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Although much is known about the varieties of American speech from a linguistic standpoint, less work has been done which examines folklinguistic attitudes and beliefs about those varieties. "Perceptual dialectology" studies have been done in several areas of the United States; however, no research to date has examined the perceptions of west-coast residents.

In this study, the attitudes of Oregon residents towards American speech are examined through the use of hand-drawn maps and ratings of "degree of difference," "correctness," and "pleasantness."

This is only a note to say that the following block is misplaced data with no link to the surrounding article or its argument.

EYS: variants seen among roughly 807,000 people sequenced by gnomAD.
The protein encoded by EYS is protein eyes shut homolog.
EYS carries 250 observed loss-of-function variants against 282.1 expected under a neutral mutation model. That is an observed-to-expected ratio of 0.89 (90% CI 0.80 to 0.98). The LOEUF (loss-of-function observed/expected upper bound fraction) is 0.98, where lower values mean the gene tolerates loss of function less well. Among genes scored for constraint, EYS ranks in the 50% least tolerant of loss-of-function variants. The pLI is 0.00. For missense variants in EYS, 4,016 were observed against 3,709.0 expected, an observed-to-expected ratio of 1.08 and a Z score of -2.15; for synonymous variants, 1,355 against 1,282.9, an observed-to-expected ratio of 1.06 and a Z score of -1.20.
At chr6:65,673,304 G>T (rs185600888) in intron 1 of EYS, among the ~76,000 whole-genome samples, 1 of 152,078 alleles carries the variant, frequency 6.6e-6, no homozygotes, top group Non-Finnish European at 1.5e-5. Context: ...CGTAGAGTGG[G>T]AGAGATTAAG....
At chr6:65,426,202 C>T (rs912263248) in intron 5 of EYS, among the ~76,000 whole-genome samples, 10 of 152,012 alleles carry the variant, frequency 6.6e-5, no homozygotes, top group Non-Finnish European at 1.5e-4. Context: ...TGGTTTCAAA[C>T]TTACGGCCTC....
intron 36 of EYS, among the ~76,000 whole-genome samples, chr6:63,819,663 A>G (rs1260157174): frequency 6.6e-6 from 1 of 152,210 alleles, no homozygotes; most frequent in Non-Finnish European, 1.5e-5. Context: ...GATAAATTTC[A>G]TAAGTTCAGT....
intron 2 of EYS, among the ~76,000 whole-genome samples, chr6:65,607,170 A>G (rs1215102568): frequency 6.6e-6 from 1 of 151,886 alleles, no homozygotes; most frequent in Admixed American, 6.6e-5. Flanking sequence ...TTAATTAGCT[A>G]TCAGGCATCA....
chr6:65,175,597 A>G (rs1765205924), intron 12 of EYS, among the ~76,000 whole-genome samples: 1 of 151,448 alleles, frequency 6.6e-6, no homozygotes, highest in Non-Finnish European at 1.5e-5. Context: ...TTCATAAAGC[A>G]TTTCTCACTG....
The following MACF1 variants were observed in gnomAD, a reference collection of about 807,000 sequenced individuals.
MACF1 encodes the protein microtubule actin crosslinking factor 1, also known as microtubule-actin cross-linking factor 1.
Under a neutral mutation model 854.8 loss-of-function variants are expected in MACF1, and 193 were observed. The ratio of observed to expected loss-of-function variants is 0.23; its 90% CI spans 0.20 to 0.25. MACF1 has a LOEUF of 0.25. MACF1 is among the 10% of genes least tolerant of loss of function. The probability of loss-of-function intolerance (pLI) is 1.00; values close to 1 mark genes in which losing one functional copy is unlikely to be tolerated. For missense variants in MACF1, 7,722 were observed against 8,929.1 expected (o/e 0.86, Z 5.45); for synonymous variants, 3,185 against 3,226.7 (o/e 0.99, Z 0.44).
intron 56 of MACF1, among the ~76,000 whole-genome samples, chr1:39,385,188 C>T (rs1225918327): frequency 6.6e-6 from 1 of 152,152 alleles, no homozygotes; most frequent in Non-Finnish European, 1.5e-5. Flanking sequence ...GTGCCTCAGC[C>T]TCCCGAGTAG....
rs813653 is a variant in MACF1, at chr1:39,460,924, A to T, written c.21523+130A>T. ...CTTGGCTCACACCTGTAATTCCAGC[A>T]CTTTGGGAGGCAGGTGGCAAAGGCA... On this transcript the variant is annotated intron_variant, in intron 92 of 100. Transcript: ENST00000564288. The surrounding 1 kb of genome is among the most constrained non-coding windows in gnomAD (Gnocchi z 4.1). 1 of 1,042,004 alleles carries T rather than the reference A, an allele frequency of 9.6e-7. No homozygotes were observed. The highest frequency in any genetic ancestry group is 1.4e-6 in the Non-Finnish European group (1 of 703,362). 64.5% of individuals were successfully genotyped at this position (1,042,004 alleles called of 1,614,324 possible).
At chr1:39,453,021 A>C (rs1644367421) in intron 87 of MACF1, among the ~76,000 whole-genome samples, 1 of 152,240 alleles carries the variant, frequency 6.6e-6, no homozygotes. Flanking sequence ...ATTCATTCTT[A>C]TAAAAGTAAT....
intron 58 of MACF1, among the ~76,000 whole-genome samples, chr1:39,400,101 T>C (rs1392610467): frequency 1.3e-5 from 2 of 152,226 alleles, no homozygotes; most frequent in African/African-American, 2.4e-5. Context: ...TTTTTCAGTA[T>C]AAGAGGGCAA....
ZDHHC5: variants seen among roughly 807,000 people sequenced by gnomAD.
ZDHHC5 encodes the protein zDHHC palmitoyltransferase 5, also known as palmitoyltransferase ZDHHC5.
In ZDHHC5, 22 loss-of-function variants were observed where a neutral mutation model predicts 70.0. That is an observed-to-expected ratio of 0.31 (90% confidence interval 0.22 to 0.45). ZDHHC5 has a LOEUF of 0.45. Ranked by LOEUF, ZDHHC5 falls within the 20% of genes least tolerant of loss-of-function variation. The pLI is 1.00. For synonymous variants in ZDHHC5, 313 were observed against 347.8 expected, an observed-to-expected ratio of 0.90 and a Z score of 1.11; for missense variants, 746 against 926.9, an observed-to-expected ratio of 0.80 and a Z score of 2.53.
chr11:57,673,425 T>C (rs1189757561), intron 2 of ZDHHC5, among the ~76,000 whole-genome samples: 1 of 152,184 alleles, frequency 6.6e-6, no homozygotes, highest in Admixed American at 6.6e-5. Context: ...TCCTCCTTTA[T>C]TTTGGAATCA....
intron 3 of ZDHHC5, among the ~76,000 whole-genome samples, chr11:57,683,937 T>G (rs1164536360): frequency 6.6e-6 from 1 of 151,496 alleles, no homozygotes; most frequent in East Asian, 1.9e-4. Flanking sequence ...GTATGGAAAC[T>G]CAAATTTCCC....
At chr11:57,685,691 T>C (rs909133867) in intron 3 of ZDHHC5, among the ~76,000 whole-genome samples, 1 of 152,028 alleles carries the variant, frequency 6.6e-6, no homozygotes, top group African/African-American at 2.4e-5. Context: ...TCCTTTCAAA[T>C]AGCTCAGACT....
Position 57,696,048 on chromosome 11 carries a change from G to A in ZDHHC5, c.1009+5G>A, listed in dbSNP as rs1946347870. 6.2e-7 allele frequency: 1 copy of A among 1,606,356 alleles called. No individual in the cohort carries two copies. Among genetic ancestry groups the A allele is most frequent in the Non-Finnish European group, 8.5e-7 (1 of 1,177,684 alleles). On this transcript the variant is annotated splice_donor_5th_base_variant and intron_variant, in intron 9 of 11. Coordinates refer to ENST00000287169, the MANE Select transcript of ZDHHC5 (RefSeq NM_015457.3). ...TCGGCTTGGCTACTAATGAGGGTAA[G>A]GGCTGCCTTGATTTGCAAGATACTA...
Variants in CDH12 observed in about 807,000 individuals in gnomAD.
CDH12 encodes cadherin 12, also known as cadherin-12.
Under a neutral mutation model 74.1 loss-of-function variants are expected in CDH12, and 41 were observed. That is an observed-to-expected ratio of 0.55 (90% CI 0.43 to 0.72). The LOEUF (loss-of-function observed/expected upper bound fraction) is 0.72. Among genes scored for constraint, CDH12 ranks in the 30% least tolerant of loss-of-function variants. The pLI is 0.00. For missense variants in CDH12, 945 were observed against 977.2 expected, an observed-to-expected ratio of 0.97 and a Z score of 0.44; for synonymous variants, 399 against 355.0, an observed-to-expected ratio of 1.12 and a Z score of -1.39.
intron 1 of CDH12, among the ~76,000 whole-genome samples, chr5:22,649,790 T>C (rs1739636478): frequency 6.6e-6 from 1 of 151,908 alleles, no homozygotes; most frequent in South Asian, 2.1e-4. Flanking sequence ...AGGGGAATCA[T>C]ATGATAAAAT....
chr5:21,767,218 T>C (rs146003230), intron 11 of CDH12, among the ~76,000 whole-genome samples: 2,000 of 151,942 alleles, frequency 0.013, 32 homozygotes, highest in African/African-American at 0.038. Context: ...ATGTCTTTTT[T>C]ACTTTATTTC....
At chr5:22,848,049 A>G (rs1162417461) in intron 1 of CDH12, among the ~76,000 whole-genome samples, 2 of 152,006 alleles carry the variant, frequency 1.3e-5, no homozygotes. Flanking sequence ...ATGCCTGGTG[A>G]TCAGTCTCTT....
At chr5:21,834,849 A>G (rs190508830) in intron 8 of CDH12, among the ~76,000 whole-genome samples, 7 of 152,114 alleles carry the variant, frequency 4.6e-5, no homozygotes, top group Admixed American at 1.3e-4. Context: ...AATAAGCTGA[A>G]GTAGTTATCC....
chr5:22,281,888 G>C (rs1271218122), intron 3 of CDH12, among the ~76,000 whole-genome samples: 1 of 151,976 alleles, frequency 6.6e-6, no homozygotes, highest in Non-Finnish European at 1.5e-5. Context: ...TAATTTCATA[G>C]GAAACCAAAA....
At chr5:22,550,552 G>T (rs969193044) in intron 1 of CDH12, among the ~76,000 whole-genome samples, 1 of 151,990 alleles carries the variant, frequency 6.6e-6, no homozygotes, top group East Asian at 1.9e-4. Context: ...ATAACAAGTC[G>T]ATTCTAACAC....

The results of the ratings data are analyzed primarily using Chi-Square Tests of Independence, Multi-Dimensional Scaling, and K-Means Cluster Analysis. Results of the study indicate that overall, residents of Oregon exhibit a good deal of linguistic security. They tend to agree, in general, with the perceptual dialectology of respondents from other geographical areas, although there are a few noticeable differences in their ratings.